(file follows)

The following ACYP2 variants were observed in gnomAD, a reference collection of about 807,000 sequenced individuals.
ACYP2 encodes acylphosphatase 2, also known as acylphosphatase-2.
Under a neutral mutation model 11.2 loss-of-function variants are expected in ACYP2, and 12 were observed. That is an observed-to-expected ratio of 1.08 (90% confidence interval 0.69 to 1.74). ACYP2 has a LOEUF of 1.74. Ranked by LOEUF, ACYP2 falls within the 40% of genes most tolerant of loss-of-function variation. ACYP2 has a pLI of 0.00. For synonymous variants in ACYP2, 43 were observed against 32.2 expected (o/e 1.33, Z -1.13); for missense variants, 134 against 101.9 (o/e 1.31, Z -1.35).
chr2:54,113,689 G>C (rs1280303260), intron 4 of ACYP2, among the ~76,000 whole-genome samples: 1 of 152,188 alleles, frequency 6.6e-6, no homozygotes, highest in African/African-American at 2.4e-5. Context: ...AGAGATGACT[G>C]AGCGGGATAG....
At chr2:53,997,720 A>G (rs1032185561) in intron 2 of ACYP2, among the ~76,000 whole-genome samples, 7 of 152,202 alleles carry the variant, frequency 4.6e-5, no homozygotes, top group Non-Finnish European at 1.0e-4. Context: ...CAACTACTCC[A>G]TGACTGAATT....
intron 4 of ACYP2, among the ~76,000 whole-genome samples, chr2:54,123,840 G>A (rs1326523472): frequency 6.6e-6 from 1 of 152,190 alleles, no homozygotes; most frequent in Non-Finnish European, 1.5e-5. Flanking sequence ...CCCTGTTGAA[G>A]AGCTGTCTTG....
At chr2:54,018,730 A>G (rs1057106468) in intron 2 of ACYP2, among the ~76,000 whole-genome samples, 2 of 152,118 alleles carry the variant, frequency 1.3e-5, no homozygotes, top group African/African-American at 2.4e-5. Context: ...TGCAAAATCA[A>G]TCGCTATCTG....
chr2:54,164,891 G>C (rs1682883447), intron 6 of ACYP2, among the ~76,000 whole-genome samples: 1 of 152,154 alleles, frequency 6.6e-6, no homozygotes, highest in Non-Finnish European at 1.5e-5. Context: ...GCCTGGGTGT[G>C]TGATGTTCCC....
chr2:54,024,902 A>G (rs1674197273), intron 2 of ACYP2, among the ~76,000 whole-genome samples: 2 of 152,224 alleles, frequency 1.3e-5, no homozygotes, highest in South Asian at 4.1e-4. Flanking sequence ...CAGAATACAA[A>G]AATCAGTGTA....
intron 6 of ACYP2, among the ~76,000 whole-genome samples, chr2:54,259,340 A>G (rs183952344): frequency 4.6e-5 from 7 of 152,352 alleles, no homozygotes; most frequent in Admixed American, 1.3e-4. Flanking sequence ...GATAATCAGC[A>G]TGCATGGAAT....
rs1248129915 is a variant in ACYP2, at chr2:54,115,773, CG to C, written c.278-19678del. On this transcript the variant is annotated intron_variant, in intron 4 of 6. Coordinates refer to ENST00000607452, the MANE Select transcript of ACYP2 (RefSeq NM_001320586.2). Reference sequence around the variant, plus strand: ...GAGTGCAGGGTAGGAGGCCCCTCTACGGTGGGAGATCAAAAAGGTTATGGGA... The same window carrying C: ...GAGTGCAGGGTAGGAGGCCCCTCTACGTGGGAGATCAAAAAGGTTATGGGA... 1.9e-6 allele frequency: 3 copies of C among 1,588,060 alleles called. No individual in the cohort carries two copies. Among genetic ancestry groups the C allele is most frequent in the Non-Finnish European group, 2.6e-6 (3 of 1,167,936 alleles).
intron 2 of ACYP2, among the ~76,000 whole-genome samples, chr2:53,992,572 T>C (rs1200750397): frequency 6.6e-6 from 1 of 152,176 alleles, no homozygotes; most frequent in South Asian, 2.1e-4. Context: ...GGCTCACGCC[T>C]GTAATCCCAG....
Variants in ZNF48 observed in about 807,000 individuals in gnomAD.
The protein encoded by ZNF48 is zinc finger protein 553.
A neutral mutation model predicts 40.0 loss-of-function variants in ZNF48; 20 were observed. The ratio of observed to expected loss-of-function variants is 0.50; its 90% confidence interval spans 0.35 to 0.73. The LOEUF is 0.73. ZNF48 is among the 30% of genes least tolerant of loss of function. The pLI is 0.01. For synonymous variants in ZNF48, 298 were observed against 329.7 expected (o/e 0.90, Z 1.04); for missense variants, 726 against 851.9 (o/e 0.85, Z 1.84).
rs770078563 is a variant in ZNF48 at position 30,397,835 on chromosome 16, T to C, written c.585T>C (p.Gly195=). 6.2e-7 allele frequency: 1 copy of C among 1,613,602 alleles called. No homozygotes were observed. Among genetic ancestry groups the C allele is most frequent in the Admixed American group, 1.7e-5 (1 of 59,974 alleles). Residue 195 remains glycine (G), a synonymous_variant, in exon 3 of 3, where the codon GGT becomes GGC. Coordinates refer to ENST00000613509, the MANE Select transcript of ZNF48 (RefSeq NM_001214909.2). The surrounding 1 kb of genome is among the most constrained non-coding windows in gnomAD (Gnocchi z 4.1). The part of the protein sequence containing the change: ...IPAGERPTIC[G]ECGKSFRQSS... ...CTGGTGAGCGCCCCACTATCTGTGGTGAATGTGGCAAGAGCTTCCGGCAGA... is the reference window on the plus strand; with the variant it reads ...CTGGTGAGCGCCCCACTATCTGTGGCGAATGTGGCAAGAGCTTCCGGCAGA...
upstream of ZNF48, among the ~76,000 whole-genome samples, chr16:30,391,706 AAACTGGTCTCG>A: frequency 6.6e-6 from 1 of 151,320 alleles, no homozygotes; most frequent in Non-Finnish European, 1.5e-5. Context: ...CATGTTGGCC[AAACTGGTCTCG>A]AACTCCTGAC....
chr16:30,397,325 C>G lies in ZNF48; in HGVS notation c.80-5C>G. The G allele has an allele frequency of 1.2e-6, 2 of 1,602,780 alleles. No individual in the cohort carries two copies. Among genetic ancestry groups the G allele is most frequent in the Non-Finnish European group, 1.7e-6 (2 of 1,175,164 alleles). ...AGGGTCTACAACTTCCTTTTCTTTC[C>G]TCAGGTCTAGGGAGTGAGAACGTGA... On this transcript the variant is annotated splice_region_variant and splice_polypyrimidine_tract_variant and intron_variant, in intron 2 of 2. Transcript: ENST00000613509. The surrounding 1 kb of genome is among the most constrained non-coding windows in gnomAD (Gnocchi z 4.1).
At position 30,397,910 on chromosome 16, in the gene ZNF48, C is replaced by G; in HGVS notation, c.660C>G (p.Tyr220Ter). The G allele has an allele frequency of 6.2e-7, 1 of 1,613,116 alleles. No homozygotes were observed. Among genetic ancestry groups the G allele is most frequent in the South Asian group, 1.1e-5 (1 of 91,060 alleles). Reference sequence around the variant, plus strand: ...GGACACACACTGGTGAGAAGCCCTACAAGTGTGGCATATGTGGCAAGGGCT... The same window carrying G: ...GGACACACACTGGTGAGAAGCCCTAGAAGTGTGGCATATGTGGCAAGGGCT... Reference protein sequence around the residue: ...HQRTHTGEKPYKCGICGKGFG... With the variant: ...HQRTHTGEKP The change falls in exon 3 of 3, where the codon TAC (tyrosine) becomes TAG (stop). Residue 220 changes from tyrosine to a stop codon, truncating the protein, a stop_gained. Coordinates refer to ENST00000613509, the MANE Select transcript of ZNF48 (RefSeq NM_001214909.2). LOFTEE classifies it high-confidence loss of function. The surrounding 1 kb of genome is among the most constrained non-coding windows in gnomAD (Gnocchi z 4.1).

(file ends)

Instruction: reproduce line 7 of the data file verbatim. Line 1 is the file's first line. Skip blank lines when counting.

At chr2:54,018,730 A>G (rs1057106468) in intron 2 of ACYP2, among the ~76,000 whole-genome samples, 2 of 152,118 alleles carry the variant, frequency 1.3e-5, no homozygotes, top group African/African-American at 2.4e-5. Context: ...TGCAAAATCA[A>G]TCGCTATCTG....